Old Embroidery Photos posted on October 02 2015 in Chinese Embroidery, Suzhou Embroidery

While cleaning up the files on my computer, I came across my stash of favorite images of people doing embroidery which I thought I would share with you :) I hope this will also motivate me to finish up a few projects this Fall!

Embroidering in the Tang Dynasty

Mending Cloak by or attributed to Han XiMeng (韓希孟) from the Ming Dynasty, my favorite ancient embroiderer. You can see more of her works at my post here: http://www.gossamerie.com/blogs/embroidery/17049803-lady-han

Embroidering in the Qing Dynasty

Shen Shou (沈壽) (1874-1921), probably the most celebrated embroiderer in Modern China, not long before her death.  In an embroidery manual she dictated during her illness, she said (or I think she said): "Since my teenage years, I worked on my embroidery day and night, often past midnight, with the aid of my lamp light.  This continued until my marriage without interruption.  Tasked with my household duties, I was further pressed for time.  Due to this, I fell into an illness.  These days I stop and walk around every two hours of sitting at my embroidery.  This is my earnest advice to you. (余自笲齡,畫夜有作,嘗過夜分,炷燈代燭。及於為婦,未懈而續。中饋之餘,晷催漏促,坐是致疾, 傷帶任督,今我權之。二時而足。或起或行。稍間而復。是謂繡節。致余忠告。")  I like how the tools do not appear to have changed much at all since the Tang Dynasty (circa 7-9th century) and to this day.

Jin Jing Fen (金靜芬) and her student Mo Zhi Hong (牟志紅), probably in the sixties.  Jin Jing Fen is a student of Shen Shou above. Around 1955, due to a series of personal calamities and the general tumultuous situation in China, Jin Jing Fen, now in her seventies, despite an illustrious embroidery career, was working as a servant in her nephew's Shanghai home.  When her friends in the newly established Communist government learned of her troubled situation, they helped her return to her native Suzhou to assume a teaching position there.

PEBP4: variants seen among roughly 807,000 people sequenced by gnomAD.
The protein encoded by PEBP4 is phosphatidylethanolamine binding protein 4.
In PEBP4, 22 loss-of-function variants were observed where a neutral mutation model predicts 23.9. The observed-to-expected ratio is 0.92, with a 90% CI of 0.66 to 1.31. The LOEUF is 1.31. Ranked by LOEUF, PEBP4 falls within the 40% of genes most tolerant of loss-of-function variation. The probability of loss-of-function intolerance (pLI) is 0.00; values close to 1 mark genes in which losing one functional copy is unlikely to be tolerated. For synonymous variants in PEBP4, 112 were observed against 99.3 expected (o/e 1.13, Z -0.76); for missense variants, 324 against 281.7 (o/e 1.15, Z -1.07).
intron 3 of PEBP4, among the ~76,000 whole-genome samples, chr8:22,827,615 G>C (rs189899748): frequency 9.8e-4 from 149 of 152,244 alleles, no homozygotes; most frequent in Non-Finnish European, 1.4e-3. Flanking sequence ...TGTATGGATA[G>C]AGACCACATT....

Jin Jing Feng and Xu Zhi Hui (徐志慧), a student at the Suzhou Embroidery Research Institute probably in the sixties.  I love the relaxed attitudes and how you can perceive the gleam of the silk thread even in this black and white photograph. 

Lee EYing (李娥英), a former pillar at the Suzhou Embroidery Research Institute (SERI) and Suzhou embroidery in general, and my favorite modern embroiderer :) Born in 1926 in a village near Suzhou, she began to study embroidery with her mother since 10 years old and in 1954 was recruited into an organization the PRC organized in Suzhou to study and produce embroidery, which organization later became the SERI. 

Xu Zhi Hui (pictured above) some decades later.  I like her jovial expression here. 

A really small photo of Ren Hui Xian (任慧嫻)(a master of random stitch embroidery) but I love the image. 

Zhao Ming Zhu (趙明珠) my Chinese embroidery teacher visiting Canada in the eighties.

I like how the embroidery looks on the frame here. 

Tang Hui Qing (湯慧琴), a student of Lee E Ying above, finishing up a four year project, Music at Court

Tang Hui Qing putting last touches an embroidery reproduction of a Sung Dynasty painting, Listening to the Qin Under A Pine Tree

I think this lady might be an actress but I like the picture anyways. 

Yours Truly 15 years ago :)

A more recent photo :)


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